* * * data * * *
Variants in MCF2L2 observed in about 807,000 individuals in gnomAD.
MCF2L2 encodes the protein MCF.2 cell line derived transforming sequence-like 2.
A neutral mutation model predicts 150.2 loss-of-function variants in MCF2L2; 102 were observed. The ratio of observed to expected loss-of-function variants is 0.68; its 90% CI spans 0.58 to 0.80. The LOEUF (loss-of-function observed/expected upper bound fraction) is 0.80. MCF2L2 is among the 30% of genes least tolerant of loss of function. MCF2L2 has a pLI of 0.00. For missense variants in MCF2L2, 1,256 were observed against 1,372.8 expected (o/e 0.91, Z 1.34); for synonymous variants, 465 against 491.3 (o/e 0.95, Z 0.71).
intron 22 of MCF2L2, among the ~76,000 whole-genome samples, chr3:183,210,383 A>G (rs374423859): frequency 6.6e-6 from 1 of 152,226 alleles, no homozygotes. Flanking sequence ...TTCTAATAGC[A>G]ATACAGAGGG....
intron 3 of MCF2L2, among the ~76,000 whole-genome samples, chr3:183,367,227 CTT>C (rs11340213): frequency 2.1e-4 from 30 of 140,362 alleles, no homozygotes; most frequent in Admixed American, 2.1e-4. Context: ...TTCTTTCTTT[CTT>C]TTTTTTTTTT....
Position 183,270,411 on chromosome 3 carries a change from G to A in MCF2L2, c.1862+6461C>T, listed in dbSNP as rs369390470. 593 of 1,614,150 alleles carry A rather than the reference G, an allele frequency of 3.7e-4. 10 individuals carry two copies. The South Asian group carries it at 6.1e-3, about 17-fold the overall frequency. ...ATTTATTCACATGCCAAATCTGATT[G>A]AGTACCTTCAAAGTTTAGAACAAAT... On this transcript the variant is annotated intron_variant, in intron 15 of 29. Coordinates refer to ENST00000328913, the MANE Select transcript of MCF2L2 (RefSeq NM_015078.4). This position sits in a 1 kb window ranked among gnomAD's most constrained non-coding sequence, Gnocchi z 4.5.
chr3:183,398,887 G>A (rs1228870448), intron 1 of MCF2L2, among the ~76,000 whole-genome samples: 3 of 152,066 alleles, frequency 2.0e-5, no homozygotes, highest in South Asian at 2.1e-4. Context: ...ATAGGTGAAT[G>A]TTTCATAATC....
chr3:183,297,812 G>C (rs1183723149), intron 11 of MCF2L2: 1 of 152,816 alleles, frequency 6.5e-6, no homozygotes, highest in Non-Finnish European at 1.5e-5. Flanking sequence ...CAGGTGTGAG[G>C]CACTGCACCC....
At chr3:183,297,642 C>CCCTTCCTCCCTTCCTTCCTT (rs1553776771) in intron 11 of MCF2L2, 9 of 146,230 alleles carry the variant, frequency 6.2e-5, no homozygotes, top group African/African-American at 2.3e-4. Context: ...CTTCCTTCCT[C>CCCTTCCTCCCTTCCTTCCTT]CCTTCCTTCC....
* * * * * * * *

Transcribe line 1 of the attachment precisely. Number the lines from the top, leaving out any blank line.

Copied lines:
Variants in MCF2L2 observed in about 807,000 individuals in gnomAD.